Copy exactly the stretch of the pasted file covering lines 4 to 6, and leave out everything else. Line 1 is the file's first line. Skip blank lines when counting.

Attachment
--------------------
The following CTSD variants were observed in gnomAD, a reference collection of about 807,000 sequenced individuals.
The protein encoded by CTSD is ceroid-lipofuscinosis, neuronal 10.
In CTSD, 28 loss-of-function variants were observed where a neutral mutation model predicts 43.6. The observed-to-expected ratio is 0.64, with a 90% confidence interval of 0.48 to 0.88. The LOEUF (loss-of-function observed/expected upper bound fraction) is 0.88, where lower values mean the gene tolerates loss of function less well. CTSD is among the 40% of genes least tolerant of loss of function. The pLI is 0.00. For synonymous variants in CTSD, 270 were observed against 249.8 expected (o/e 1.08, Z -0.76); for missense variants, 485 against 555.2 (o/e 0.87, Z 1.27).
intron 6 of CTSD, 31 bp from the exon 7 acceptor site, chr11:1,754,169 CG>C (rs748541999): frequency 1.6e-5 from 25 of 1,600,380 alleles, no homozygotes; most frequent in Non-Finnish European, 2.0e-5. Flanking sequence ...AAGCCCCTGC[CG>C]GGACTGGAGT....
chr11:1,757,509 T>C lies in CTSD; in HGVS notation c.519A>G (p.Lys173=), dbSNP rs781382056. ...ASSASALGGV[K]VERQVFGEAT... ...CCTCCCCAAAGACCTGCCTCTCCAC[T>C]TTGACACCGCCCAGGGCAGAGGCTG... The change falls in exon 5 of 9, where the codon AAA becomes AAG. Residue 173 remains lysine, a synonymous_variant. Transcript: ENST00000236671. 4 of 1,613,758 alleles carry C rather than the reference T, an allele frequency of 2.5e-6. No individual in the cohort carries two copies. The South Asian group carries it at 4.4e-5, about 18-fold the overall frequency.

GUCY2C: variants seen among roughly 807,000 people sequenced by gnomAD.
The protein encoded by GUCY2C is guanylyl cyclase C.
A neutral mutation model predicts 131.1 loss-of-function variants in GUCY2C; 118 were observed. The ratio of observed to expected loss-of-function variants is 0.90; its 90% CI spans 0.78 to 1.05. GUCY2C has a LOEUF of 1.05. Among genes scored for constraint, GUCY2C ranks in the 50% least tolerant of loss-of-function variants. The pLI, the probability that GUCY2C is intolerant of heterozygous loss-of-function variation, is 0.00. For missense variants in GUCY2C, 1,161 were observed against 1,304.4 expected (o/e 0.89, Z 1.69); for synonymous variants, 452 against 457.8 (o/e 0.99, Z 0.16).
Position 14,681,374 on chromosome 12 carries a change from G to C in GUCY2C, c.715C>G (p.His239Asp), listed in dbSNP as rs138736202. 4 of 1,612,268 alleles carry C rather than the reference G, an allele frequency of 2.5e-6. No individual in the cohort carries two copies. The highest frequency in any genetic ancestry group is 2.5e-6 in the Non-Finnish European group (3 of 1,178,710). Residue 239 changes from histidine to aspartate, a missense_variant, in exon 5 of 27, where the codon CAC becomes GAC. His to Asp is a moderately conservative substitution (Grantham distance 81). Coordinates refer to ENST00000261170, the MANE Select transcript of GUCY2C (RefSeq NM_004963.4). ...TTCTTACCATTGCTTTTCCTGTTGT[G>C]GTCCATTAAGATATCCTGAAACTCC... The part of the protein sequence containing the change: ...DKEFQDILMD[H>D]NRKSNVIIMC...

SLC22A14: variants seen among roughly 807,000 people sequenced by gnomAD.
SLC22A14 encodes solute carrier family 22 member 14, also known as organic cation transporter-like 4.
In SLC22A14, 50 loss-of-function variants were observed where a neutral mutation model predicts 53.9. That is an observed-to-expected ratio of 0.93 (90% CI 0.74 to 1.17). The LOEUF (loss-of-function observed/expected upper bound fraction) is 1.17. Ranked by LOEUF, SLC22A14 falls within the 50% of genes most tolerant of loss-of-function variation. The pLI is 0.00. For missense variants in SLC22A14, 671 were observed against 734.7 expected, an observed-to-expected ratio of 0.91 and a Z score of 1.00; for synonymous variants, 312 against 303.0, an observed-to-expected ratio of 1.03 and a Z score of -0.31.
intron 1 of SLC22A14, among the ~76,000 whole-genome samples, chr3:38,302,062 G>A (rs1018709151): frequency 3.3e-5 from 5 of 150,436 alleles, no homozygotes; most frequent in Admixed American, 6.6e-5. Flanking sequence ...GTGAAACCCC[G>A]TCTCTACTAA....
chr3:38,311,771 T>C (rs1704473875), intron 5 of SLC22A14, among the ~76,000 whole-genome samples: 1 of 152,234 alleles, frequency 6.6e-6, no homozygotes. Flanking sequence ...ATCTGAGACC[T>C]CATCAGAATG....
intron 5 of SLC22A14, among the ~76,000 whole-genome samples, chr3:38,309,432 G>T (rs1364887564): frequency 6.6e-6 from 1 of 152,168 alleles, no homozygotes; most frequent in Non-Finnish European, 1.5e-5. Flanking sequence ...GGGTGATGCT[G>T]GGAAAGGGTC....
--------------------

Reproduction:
intron 6 of CTSD, 31 bp from the exon 7 acceptor site, chr11:1,754,169 CG>C (rs748541999): frequency 1.6e-5 from 25 of 1,600,380 alleles, no homozygotes; most frequent in Non-Finnish European, 2.0e-5. Flanking sequence ...AAGCCCCTGC[CG>C]GGACTGGAGT....
chr11:1,757,509 T>C lies in CTSD; in HGVS notation c.519A>G (p.Lys173=), dbSNP rs781382056. ...ASSASALGGV[K]VERQVFGEAT... ...CCTCCCCAAAGACCTGCCTCTCCAC[T>C]TTGACACCGCCCAGGGCAGAGGCTG... The change falls in exon 5 of 9, where the codon AAA becomes AAG. Residue 173 remains lysine, a synonymous_variant. Transcript: ENST00000236671. 4 of 1,613,758 alleles carry C rather than the reference T, an allele frequency of 2.5e-6. No individual in the cohort carries two copies. The South Asian group carries it at 4.4e-5, about 18-fold the overall frequency.

GUCY2C: variants seen among roughly 807,000 people sequenced by gnomAD.